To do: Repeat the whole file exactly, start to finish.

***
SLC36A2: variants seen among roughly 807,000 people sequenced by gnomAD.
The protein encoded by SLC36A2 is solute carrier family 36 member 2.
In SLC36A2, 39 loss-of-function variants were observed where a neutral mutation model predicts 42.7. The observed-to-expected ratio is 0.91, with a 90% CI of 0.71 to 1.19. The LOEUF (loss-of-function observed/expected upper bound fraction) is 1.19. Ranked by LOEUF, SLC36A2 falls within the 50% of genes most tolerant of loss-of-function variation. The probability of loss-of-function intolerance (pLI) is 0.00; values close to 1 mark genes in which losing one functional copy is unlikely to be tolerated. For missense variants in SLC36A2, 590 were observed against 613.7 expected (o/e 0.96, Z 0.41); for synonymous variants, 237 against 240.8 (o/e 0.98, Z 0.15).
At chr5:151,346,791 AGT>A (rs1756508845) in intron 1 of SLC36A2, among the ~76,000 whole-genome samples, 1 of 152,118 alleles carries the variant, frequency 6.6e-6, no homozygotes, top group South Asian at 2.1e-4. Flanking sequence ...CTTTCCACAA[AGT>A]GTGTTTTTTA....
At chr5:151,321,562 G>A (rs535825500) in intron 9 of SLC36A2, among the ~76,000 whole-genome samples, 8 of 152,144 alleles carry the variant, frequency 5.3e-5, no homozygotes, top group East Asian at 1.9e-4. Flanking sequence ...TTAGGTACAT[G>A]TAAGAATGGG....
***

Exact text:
SLC36A2: variants seen among roughly 807,000 people sequenced by gnomAD.
The protein encoded by SLC36A2 is solute carrier family 36 member 2.
In SLC36A2, 39 loss-of-function variants were observed where a neutral mutation model predicts 42.7. The observed-to-expected ratio is 0.91, with a 90% CI of 0.71 to 1.19. The LOEUF (loss-of-function observed/expected upper bound fraction) is 1.19. Ranked by LOEUF, SLC36A2 falls within the 50% of genes most tolerant of loss-of-function variation. The probability of loss-of-function intolerance (pLI) is 0.00; values close to 1 mark genes in which losing one functional copy is unlikely to be tolerated. For missense variants in SLC36A2, 590 were observed against 613.7 expected (o/e 0.96, Z 0.41); for synonymous variants, 237 against 240.8 (o/e 0.98, Z 0.15).
At chr5:151,346,791 AGT>A (rs1756508845) in intron 1 of SLC36A2, among the ~76,000 whole-genome samples, 1 of 152,118 alleles carries the variant, frequency 6.6e-6, no homozygotes, top group South Asian at 2.1e-4. Flanking sequence ...CTTTCCACAA[AGT>A]GTGTTTTTTA....
At chr5:151,321,562 G>A (rs535825500) in intron 9 of SLC36A2, among the ~76,000 whole-genome samples, 8 of 152,144 alleles carry the variant, frequency 5.3e-5, no homozygotes, top group East Asian at 1.9e-4. Flanking sequence ...TTAGGTACAT[G>A]TAAGAATGGG....